Minor Settlements: Why is Court Approval Required?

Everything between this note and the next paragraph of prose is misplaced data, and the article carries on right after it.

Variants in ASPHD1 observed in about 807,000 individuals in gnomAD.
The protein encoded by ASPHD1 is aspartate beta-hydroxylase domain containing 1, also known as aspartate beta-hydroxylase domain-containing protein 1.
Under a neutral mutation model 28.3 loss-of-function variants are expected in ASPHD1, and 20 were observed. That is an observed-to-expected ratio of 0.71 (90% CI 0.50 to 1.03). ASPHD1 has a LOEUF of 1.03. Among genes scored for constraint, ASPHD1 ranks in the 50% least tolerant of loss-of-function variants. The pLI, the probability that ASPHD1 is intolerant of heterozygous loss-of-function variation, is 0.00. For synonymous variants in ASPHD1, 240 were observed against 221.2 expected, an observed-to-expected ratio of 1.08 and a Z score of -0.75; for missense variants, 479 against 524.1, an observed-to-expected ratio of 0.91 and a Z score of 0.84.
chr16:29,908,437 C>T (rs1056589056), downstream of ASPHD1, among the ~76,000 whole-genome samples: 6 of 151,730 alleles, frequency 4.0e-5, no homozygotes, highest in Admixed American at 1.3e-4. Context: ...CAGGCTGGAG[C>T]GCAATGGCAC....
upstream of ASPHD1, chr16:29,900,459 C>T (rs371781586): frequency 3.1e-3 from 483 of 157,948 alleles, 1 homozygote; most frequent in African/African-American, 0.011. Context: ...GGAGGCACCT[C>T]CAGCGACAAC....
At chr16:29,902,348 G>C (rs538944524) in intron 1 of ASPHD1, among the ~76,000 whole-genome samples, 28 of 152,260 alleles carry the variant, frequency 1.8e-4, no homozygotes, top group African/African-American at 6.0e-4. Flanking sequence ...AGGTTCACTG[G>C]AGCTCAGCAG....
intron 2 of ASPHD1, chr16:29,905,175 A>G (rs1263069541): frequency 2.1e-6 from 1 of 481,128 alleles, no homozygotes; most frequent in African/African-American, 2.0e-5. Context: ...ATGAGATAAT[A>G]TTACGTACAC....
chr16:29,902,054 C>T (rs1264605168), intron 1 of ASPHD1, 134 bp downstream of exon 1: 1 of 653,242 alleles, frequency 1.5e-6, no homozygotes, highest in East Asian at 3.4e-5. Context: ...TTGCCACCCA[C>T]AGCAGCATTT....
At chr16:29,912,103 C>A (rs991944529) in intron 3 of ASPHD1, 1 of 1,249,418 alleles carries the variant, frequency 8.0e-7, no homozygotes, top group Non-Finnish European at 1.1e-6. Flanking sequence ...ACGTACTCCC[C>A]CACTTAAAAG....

Minors lack legal capacity to make binding decisions. So, when a minor is injured in an accident, an attorney may be retained and obtain a final settlement offer. However, after that, the settlement, unless it is very small, must be approved by a court. What happens if, after she turns 18, she says she was more seriously injured than anyone knew and both the insurance company and her parents sold her short? That's why courts step in to review settlements for minors, making sure they are fair and that the funds will be protected. Most states have their own procedure for approving minor settlements. In New Hampshire, if the settlement is $10,000 or less you don't have to do anything. This law doesn't apply. But, amounts over that must be submitted to court for approval. District and Superior Courts have authority to approve the settlement. If a case is pending, then a settlement petition is filed there. However if no lawsuit has been filed, then the out of court settlement referred to in the question now goes to court by way of a settlement petition filed in either District or Superior Court. These courts require certification that the Probate Court has appointed a guardian of the estate of the minor to accept the settlement funds and to be responsible for the funds. This will usually be a parent, "next friend or other person" who will receive the settlement money and be responsible. That means every year they must file an accounting, showing the court that the funds are being handled properly. In calculating whether or not the settlement is over $10,000 and subject to this procedure, all sums including attorney fees, court costs and other expenses related to the claim including medical expenses must be included. A medical report must be submitted detailing the extent of the minor's injuries and the future prognosis. Finally, if a structured settlement is involved calling for payouts, for example, over college years, a certified public accountant or other financial professional must file an affidavit showing present value of the plan. If you're doing an annuity, prepare to file a ream of other paperwork. If all of this seems only to drag out the process, consider this. Once I had a client in her early 20s come to my office. She remembered a serious accident in her elementary school years. There'd been a settlement. But, she never saw any of the money and her parents had no answers. It was not a happy day for any of us because the parents are in fact liable for diverting their child's settlement money. So, the process for approving minor settlements slows things down and reads in terms of protecting the minor. But in the long run, it also protects parents.